The Village Voice’s Favorite Books of 2015


Here’s eleven titles we loved this year — and that are worth digging into once you finish Ta-Nehisi Coates’ Between the World and Me.

Step Aside, Pops by Kate Beaton (Drawn and Quarterly, 160 pages)

Kate Beaton has mastered the subtle send-up through her wildly popular web comic series that breaks down history, literature, and pop culture with a wink: Hark! A Vagrant. In her second book — Step Aside, Pops — Beaton slices right through your old history lessons with clever misdirection (see: Egomaniac Liszt penning Chopin’s biography). Beaton’s illustrations flaunt such expressive (and jaunty) characters that it’s a treat to return to these pages again and again to see a jaded, sassy Wonder Woman or a bodybuilding Cinderella. Beaton’s paneled comics have once again proved savagely funny, showing just how far a little wit, history, and an unexpected punchline can go towards busting your guts. (Tatiana Craine)

Notorious RBG: The Life and Times of Ruth Bader Ginsburg by Irin Carmon and Shana Knizhnik (Dey Street Books, 240 pages)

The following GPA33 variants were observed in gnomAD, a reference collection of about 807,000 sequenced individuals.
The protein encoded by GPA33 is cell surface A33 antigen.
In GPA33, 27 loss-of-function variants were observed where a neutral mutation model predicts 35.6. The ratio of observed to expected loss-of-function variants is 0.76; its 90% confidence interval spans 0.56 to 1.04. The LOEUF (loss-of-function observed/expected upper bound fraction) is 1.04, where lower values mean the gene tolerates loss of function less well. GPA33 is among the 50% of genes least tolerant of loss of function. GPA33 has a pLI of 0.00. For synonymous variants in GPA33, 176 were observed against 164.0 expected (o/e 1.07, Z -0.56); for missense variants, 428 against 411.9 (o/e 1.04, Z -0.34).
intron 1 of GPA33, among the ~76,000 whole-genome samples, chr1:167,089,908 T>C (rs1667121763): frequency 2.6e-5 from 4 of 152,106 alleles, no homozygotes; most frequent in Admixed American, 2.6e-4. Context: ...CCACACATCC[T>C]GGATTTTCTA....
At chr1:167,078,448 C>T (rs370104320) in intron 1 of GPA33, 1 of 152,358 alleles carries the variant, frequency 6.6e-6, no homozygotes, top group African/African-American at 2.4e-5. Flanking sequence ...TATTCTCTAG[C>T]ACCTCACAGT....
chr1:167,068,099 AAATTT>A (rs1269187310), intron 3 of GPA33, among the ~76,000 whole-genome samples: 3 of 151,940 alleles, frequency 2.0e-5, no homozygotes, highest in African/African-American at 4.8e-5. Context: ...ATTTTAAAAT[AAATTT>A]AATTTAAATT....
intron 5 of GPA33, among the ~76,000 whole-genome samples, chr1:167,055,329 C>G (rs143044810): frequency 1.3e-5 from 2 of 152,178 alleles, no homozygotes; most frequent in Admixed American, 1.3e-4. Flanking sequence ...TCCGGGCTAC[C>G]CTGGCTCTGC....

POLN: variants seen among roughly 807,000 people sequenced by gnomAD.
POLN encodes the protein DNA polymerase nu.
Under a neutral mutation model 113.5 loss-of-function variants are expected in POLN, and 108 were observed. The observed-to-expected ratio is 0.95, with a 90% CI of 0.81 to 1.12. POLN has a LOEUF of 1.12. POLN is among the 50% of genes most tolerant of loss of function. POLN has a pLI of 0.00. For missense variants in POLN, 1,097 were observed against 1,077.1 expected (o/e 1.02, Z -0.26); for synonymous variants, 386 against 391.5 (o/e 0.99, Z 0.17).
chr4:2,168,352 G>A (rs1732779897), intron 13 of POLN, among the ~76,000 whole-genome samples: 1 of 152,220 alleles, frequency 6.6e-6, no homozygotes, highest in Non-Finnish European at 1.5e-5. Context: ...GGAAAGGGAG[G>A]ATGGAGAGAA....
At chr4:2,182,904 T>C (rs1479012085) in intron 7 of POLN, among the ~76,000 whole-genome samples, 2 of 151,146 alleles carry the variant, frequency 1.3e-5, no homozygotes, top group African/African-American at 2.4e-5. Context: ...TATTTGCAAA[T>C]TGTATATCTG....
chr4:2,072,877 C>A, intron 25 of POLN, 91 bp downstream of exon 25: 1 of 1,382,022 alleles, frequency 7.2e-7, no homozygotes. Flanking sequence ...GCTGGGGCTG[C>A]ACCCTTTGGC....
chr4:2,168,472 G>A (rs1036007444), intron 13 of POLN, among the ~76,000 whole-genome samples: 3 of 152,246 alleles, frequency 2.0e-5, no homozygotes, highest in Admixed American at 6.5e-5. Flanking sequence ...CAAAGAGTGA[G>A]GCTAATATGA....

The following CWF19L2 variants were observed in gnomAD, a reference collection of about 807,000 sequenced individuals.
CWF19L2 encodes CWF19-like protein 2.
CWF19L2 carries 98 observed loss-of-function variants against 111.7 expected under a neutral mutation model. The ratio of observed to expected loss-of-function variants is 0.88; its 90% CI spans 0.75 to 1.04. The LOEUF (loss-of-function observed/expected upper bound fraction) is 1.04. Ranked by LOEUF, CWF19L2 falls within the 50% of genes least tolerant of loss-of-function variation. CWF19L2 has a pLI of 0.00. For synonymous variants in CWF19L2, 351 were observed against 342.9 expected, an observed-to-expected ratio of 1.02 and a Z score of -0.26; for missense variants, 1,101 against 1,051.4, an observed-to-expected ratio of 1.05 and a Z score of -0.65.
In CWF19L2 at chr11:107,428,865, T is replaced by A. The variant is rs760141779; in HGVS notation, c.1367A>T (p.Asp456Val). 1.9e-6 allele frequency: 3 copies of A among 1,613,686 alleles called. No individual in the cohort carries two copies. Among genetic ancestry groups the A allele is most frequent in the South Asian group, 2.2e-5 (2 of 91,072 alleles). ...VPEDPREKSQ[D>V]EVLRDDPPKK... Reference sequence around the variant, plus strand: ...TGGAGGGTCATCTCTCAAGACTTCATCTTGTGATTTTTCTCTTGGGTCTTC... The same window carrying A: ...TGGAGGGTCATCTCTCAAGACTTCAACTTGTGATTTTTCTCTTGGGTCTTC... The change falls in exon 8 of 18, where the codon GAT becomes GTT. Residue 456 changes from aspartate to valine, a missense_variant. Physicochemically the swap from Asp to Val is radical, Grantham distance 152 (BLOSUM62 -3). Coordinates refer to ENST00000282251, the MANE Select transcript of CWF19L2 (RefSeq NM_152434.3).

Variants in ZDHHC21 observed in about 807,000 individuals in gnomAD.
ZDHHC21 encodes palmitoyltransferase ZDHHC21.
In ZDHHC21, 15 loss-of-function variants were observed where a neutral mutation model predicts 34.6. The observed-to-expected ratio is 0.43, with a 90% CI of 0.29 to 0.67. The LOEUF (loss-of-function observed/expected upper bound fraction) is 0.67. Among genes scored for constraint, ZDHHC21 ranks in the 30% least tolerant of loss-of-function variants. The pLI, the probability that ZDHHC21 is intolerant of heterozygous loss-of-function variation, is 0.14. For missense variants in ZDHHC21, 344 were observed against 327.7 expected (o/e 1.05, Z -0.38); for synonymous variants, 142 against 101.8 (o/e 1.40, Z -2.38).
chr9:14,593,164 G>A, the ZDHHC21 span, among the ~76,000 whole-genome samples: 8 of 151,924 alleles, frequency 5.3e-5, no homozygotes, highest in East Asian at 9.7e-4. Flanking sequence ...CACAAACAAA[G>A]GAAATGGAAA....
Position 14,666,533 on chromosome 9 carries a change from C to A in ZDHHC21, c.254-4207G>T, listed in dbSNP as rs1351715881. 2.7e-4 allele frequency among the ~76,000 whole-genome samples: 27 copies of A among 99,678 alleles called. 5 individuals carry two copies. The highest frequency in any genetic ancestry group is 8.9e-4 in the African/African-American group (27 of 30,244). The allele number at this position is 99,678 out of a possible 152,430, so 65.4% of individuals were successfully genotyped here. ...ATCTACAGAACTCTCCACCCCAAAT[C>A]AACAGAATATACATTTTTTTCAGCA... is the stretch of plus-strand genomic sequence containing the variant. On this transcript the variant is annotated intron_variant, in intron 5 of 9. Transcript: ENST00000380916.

In this slim biography, journalist Irin Carmon and lawyer Shana Knizhnik neatly explain why Supreme Court Justice Ruth Bader Ginsburg became a national icon; though she’s risen to media prominence only recently, with her strong dissents on such ridiculous Roberts court decisions as Burwell v. Hobby Lobby, Ginsburg has devoted her life to making the country more equal for everyone. She also believes strongly in maintaining a collegial relationship with her fellow justices, even as she lambasts their legal decisions. Ginsburg — a tireless worker, pushup fiend, night owl, and opera lover — is a champion of human rights and a national treasure. (Meave Gallagher)

The Clasp by Sloan Crosley (Farrar, Straus and Giroux, 384 pages)